I'm a long time user of UltraEdit for Windows and was happy to see a version for Linux. But obviously UEx is a much more robust editor than the basic gedit, kate or whatever default editor you have in your Linux install. It takes much longer to start. If set as the default text editor that can be a drag.
No problem. Use AllTray to launch UEx at startup and let it sit in your system tray. Use a keystroke to call it up and the response is instantaneous. You'll probably usually want UEx minimized to the tray, so double-clicking a file to load it into UEx then means you'll have to also use the keystroke to recall UEx from the tray. But it works nicely. Since UEx naturally handles multiple files in tabs, you just doubleclick all the files you want to open, then use the keystroke to recall UEx from the tray. Very snappy.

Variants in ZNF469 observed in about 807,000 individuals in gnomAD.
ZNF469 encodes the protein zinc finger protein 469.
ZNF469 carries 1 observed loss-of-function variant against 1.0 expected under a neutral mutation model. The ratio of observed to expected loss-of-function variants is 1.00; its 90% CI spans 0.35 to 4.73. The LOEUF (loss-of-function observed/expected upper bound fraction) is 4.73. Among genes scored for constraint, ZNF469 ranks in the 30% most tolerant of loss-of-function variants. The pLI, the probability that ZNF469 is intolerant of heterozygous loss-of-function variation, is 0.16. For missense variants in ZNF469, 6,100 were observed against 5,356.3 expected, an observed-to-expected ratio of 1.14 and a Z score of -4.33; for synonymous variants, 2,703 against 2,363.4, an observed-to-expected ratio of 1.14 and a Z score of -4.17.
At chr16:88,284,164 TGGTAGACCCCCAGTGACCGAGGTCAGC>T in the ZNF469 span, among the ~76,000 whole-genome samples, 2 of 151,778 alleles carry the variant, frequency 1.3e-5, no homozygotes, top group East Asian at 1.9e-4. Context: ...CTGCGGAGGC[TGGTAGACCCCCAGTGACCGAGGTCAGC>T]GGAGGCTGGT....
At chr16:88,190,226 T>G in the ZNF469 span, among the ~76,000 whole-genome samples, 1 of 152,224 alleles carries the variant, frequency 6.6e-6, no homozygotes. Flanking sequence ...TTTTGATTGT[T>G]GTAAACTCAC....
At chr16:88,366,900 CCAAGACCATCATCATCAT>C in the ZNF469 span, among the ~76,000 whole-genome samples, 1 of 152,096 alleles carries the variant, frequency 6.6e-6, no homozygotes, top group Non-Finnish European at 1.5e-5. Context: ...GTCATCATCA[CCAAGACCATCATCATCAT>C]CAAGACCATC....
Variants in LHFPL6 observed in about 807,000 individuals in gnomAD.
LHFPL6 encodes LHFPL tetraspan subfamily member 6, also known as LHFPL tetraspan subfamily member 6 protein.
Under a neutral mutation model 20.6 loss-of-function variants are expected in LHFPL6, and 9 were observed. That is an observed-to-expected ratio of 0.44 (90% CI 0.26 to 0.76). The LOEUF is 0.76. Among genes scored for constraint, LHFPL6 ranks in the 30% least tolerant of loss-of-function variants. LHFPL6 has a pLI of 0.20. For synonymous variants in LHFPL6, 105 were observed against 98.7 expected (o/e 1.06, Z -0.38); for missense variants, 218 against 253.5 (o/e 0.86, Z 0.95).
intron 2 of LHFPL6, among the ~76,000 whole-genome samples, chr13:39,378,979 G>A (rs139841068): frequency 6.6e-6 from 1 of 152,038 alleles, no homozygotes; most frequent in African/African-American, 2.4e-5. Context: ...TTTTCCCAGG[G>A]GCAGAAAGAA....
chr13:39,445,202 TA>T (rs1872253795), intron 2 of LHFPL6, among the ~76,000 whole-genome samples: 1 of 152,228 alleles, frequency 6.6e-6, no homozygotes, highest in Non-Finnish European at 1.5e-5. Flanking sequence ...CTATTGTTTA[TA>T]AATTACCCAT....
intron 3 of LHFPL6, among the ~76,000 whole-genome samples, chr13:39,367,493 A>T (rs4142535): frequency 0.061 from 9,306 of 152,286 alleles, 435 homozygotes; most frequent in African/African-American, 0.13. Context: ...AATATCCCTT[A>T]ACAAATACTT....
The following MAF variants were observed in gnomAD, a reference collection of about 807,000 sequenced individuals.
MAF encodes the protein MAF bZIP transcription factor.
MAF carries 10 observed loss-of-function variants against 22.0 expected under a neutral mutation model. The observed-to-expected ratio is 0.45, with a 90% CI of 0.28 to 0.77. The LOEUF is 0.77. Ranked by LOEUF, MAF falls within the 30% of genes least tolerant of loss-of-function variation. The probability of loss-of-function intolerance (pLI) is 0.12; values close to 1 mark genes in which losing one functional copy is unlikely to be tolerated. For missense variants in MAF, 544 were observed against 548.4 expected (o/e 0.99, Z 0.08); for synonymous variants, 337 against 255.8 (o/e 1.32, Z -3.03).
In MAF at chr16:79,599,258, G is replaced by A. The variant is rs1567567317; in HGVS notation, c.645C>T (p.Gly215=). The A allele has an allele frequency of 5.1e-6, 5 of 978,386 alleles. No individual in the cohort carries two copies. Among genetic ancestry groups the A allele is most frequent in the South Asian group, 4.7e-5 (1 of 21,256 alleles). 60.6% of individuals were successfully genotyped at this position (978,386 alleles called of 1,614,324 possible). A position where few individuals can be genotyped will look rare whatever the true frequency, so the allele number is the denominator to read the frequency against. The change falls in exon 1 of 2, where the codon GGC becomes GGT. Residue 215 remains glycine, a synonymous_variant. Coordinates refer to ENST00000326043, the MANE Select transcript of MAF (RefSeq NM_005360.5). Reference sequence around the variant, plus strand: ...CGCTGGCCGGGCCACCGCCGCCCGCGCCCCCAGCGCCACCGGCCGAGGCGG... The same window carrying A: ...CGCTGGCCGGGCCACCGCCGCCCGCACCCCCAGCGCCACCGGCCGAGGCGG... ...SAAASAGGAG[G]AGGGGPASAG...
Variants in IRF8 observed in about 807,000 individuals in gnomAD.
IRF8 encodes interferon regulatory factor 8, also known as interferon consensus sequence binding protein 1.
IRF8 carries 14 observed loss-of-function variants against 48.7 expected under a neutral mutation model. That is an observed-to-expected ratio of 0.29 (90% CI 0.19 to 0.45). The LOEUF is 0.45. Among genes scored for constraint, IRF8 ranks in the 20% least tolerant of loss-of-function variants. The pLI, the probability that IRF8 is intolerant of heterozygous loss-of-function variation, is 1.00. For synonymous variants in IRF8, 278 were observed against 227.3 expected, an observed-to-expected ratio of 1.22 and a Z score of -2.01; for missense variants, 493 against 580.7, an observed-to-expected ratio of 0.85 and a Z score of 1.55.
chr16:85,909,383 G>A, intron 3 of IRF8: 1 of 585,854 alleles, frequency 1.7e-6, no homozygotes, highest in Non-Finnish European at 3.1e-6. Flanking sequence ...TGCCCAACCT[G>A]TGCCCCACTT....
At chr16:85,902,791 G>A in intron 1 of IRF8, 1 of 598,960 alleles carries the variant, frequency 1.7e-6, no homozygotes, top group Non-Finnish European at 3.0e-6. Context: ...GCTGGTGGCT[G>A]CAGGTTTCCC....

Note that by default AllTray captures the close-window function, so clicking the X doesn't close the app but instead puts it back in the tray. That applies to the X in the tabs also. Can't use it to close tabs, so you need to use ctrl-w to close tabs.
The speed increase is well worth it if you want to use UEx as your default text editor.
I use the command "alltray -k Control:10 -g 1080x850+160+100 -l -st -stask uex" at startup. Note that the -k option uses keycodes, so in this case I use cntr-1 to recall UEx. Run xev in a terminal to tell you the keycodes is need be.